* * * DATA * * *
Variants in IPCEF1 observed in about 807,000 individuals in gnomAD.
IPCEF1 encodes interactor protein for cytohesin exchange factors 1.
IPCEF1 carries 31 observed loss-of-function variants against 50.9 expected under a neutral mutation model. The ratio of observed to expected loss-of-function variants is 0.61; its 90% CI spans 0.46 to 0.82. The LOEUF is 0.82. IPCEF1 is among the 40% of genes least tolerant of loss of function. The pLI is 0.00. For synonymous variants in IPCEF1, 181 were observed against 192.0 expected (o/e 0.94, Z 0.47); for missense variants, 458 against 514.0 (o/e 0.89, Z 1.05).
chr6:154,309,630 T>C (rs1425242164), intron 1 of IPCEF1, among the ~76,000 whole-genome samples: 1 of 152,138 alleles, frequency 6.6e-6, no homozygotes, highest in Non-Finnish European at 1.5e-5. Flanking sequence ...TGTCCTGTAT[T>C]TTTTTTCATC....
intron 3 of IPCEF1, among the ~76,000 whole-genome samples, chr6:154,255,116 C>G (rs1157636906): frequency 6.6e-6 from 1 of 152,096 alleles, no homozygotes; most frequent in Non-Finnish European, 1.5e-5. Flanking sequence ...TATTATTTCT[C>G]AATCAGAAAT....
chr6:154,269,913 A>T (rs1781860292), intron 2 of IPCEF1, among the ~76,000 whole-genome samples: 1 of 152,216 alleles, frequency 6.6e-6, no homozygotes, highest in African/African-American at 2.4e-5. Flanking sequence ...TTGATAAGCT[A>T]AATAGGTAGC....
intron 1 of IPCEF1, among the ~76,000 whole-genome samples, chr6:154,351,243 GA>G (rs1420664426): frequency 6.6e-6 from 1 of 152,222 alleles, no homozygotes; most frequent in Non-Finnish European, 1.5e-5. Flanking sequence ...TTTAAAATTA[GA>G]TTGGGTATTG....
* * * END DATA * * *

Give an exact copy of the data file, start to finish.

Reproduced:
Variants in IPCEF1 observed in about 807,000 individuals in gnomAD.
IPCEF1 encodes interactor protein for cytohesin exchange factors 1.
IPCEF1 carries 31 observed loss-of-function variants against 50.9 expected under a neutral mutation model. The ratio of observed to expected loss-of-function variants is 0.61; its 90% CI spans 0.46 to 0.82. The LOEUF is 0.82. IPCEF1 is among the 40% of genes least tolerant of loss of function. The pLI is 0.00. For synonymous variants in IPCEF1, 181 were observed against 192.0 expected (o/e 0.94, Z 0.47); for missense variants, 458 against 514.0 (o/e 0.89, Z 1.05).
chr6:154,309,630 T>C (rs1425242164), intron 1 of IPCEF1, among the ~76,000 whole-genome samples: 1 of 152,138 alleles, frequency 6.6e-6, no homozygotes, highest in Non-Finnish European at 1.5e-5. Flanking sequence ...TGTCCTGTAT[T>C]TTTTTTCATC....
intron 3 of IPCEF1, among the ~76,000 whole-genome samples, chr6:154,255,116 C>G (rs1157636906): frequency 6.6e-6 from 1 of 152,096 alleles, no homozygotes; most frequent in Non-Finnish European, 1.5e-5. Flanking sequence ...TATTATTTCT[C>G]AATCAGAAAT....
chr6:154,269,913 A>T (rs1781860292), intron 2 of IPCEF1, among the ~76,000 whole-genome samples: 1 of 152,216 alleles, frequency 6.6e-6, no homozygotes, highest in African/African-American at 2.4e-5. Flanking sequence ...TTGATAAGCT[A>T]AATAGGTAGC....
intron 1 of IPCEF1, among the ~76,000 whole-genome samples, chr6:154,351,243 GA>G (rs1420664426): frequency 6.6e-6 from 1 of 152,222 alleles, no homozygotes; most frequent in Non-Finnish European, 1.5e-5. Flanking sequence ...TTTAAAATTA[GA>G]TTGGGTATTG....